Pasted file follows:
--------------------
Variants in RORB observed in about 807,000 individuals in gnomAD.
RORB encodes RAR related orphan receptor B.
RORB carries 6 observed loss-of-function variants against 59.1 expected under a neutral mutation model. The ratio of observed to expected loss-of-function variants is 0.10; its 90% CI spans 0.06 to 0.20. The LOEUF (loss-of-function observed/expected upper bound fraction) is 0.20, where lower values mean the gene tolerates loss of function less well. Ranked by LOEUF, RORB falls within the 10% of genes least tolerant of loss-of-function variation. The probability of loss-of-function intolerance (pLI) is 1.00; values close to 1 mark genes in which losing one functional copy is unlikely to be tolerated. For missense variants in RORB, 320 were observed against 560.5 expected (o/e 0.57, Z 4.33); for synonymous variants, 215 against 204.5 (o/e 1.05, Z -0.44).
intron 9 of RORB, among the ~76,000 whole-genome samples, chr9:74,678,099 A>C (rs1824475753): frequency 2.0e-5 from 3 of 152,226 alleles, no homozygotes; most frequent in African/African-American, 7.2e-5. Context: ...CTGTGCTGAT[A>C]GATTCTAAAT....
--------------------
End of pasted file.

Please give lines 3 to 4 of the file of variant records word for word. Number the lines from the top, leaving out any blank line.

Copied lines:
RORB carries 6 observed loss-of-function variants against 59.1 expected under a neutral mutation model. The ratio of observed to expected loss-of-function variants is 0.10; its 90% CI spans 0.06 to 0.20. The LOEUF (loss-of-function observed/expected upper bound fraction) is 0.20, where lower values mean the gene tolerates loss of function less well. Ranked by LOEUF, RORB falls within the 10% of genes least tolerant of loss-of-function variation. The probability of loss-of-function intolerance (pLI) is 1.00; values close to 1 mark genes in which losing one functional copy is unlikely to be tolerated. For missense variants in RORB, 320 were observed against 560.5 expected (o/e 0.57, Z 4.33); for synonymous variants, 215 against 204.5 (o/e 1.05, Z -0.44).
intron 9 of RORB, among the ~76,000 whole-genome samples, chr9:74,678,099 A>C (rs1824475753): frequency 2.0e-5 from 3 of 152,226 alleles, no homozygotes; most frequent in African/African-American, 7.2e-5. Context: ...CTGTGCTGAT[A>C]GATTCTAAAT....